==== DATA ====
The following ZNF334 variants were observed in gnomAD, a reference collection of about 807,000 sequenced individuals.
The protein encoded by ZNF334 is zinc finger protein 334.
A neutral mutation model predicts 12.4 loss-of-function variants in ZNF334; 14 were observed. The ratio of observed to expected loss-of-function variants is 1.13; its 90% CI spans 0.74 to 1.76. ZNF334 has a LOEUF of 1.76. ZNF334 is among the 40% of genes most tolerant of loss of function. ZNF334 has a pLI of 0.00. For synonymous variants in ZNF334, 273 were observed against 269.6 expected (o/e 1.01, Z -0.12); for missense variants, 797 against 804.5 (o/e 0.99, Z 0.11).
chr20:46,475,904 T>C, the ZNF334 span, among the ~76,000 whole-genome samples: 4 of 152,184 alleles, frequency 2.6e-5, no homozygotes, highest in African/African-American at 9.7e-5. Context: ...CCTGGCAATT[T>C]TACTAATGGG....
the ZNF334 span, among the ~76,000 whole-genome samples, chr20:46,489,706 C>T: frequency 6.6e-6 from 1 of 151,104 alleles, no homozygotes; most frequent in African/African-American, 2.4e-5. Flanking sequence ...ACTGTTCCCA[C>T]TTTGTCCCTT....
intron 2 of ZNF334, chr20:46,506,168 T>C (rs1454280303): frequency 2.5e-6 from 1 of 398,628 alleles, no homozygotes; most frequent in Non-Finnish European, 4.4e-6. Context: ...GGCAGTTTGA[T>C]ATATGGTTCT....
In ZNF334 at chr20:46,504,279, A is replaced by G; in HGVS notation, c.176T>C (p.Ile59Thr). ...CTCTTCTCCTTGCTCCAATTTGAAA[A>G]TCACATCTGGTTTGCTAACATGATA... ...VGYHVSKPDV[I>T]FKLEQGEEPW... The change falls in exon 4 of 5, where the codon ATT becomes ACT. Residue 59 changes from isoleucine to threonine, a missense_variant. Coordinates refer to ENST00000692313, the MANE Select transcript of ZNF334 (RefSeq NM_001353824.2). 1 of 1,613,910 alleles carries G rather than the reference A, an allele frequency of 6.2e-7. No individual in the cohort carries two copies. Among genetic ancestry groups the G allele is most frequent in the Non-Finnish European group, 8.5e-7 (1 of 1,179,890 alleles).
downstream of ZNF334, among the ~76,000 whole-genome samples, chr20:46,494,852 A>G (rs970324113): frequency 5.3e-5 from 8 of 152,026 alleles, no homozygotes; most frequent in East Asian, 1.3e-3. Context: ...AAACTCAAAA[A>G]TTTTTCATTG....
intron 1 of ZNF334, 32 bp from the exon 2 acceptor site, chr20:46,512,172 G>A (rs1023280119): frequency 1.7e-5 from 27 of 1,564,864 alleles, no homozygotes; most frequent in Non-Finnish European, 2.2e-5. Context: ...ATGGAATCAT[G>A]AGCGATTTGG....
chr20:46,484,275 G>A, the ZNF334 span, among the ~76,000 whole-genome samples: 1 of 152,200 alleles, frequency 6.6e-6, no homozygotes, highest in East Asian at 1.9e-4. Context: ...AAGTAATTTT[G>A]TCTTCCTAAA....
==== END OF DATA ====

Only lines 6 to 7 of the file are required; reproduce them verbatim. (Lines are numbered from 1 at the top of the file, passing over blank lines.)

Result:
intron 2 of ZNF334, chr20:46,506,168 T>C (rs1454280303): frequency 2.5e-6 from 1 of 398,628 alleles, no homozygotes; most frequent in Non-Finnish European, 4.4e-6. Context: ...GGCAGTTTGA[T>C]ATATGGTTCT....
In ZNF334 at chr20:46,504,279, A is replaced by G; in HGVS notation, c.176T>C (p.Ile59Thr). ...CTCTTCTCCTTGCTCCAATTTGAAA[A>G]TCACATCTGGTTTGCTAACATGATA... ...VGYHVSKPDV[I>T]FKLEQGEEPW... The change falls in exon 4 of 5, where the codon ATT becomes ACT. Residue 59 changes from isoleucine to threonine, a missense_variant. Coordinates refer to ENST00000692313, the MANE Select transcript of ZNF334 (RefSeq NM_001353824.2). 1 of 1,613,910 alleles carries G rather than the reference A, an allele frequency of 6.2e-7. No individual in the cohort carries two copies. Among genetic ancestry groups the G allele is most frequent in the Non-Finnish European group, 8.5e-7 (1 of 1,179,890 alleles).